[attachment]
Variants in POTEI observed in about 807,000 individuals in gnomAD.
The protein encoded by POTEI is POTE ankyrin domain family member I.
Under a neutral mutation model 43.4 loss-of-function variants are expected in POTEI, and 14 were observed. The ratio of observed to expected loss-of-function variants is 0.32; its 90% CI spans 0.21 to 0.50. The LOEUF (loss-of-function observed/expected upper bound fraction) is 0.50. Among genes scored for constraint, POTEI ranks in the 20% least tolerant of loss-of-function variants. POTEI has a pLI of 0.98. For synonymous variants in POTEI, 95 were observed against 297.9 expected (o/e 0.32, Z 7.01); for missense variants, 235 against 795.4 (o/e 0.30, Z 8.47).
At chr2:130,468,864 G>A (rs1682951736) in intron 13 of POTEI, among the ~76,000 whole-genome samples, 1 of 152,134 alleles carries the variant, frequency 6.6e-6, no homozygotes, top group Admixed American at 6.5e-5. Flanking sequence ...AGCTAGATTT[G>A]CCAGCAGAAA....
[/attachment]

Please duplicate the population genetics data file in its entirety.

Variants in POTEI observed in about 807,000 individuals in gnomAD.
The protein encoded by POTEI is POTE ankyrin domain family member I.
Under a neutral mutation model 43.4 loss-of-function variants are expected in POTEI, and 14 were observed. The ratio of observed to expected loss-of-function variants is 0.32; its 90% CI spans 0.21 to 0.50. The LOEUF (loss-of-function observed/expected upper bound fraction) is 0.50. Among genes scored for constraint, POTEI ranks in the 20% least tolerant of loss-of-function variants. POTEI has a pLI of 0.98. For synonymous variants in POTEI, 95 were observed against 297.9 expected (o/e 0.32, Z 7.01); for missense variants, 235 against 795.4 (o/e 0.30, Z 8.47).
At chr2:130,468,864 G>A (rs1682951736) in intron 13 of POTEI, among the ~76,000 whole-genome samples, 1 of 152,134 alleles carries the variant, frequency 6.6e-6, no homozygotes, top group Admixed American at 6.5e-5. Flanking sequence ...AGCTAGATTT[G>A]CCAGCAGAAA....